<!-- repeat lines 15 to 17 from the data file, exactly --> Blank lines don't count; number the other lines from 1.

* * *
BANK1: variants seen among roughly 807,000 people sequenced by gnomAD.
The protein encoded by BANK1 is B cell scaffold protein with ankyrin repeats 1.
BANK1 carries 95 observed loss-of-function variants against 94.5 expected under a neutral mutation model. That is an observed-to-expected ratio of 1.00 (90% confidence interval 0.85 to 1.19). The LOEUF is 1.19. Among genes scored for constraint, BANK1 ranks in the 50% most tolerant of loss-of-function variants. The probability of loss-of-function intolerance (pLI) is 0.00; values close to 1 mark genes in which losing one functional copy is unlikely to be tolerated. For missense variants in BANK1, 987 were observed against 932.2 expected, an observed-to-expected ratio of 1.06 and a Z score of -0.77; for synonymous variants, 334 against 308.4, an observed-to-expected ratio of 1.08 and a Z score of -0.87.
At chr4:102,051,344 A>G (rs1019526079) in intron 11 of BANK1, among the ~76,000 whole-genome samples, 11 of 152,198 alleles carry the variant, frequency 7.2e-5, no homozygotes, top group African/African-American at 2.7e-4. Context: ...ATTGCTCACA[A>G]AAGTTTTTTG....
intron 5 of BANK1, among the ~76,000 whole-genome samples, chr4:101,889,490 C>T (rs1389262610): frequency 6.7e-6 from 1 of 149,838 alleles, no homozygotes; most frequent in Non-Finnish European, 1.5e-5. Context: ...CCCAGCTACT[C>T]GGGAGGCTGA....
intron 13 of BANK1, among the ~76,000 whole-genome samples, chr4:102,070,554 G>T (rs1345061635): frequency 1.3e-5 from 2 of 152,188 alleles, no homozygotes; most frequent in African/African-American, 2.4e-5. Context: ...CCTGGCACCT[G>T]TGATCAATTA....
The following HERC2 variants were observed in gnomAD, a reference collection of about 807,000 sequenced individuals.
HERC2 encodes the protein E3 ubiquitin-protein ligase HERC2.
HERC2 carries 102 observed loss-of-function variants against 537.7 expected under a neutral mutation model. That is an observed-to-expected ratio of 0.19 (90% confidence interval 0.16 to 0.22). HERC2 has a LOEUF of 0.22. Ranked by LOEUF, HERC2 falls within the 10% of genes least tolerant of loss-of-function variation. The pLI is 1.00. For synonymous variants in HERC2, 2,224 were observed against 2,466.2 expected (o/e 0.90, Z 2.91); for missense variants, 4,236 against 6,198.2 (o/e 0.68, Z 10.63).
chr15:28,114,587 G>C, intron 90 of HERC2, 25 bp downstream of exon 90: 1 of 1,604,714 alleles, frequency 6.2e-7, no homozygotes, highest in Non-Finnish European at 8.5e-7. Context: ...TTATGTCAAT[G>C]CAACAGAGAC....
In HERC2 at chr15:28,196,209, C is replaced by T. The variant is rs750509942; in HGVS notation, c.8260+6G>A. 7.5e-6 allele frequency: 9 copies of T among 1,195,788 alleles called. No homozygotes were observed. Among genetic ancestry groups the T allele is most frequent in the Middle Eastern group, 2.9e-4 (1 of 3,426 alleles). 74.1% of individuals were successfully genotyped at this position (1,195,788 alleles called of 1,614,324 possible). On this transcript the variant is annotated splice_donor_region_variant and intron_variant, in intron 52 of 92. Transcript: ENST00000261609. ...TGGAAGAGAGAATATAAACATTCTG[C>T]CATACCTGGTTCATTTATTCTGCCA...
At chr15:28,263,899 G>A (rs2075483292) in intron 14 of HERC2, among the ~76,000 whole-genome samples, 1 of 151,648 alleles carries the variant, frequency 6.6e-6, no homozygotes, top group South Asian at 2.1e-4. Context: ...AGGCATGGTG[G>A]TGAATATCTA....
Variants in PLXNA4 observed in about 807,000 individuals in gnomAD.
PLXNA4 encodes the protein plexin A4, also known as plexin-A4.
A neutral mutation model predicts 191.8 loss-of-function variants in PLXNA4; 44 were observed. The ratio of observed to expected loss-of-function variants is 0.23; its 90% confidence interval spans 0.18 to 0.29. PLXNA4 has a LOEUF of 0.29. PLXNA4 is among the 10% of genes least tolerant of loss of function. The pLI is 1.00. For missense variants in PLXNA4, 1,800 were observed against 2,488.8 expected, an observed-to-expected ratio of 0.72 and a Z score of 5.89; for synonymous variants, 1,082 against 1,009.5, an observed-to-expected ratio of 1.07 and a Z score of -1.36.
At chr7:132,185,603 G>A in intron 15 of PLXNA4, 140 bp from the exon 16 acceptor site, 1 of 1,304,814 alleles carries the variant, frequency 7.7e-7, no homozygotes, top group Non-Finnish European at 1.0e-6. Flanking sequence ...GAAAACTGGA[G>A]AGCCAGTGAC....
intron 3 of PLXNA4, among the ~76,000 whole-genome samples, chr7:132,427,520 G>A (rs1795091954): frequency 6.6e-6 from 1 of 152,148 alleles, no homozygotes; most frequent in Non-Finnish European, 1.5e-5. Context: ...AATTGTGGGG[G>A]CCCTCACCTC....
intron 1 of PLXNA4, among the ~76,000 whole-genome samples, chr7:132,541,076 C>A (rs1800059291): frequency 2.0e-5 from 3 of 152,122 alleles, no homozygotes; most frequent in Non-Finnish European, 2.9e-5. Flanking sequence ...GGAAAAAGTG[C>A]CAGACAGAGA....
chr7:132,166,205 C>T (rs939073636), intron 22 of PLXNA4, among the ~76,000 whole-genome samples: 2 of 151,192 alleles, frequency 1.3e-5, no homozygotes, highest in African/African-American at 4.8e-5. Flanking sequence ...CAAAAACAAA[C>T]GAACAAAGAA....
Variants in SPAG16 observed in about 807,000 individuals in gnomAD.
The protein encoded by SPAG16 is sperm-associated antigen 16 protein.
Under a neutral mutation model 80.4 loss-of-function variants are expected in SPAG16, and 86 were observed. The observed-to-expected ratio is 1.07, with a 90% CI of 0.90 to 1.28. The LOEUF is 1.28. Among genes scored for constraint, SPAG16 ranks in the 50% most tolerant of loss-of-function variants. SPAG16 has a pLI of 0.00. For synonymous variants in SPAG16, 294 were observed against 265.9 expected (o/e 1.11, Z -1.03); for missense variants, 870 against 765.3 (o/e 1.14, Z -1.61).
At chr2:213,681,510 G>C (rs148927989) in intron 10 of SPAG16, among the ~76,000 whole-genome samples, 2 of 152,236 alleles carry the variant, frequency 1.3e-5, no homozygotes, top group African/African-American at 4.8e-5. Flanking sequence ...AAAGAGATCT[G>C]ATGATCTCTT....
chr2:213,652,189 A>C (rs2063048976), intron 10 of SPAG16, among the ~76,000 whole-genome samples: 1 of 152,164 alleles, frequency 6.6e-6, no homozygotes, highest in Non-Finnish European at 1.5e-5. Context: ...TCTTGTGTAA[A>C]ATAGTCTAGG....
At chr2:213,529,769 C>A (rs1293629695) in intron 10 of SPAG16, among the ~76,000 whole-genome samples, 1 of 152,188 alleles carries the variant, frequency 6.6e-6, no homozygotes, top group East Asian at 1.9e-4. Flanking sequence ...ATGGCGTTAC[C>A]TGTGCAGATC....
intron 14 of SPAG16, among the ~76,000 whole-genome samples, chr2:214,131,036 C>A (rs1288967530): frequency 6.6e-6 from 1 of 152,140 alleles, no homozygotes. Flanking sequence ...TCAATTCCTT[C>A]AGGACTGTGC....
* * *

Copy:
A neutral mutation model predicts 191.8 loss-of-function variants in PLXNA4; 44 were observed. The ratio of observed to expected loss-of-function variants is 0.23; its 90% confidence interval spans 0.18 to 0.29. PLXNA4 has a LOEUF of 0.29. PLXNA4 is among the 10% of genes least tolerant of loss of function. The pLI is 1.00. For missense variants in PLXNA4, 1,800 were observed against 2,488.8 expected, an observed-to-expected ratio of 0.72 and a Z score of 5.89; for synonymous variants, 1,082 against 1,009.5, an observed-to-expected ratio of 1.07 and a Z score of -1.36.
At chr7:132,185,603 G>A in intron 15 of PLXNA4, 140 bp from the exon 16 acceptor site, 1 of 1,304,814 alleles carries the variant, frequency 7.7e-7, no homozygotes, top group Non-Finnish European at 1.0e-6. Flanking sequence ...GAAAACTGGA[G>A]AGCCAGTGAC....
intron 3 of PLXNA4, among the ~76,000 whole-genome samples, chr7:132,427,520 G>A (rs1795091954): frequency 6.6e-6 from 1 of 152,148 alleles, no homozygotes; most frequent in Non-Finnish European, 1.5e-5. Context: ...AATTGTGGGG[G>A]CCCTCACCTC....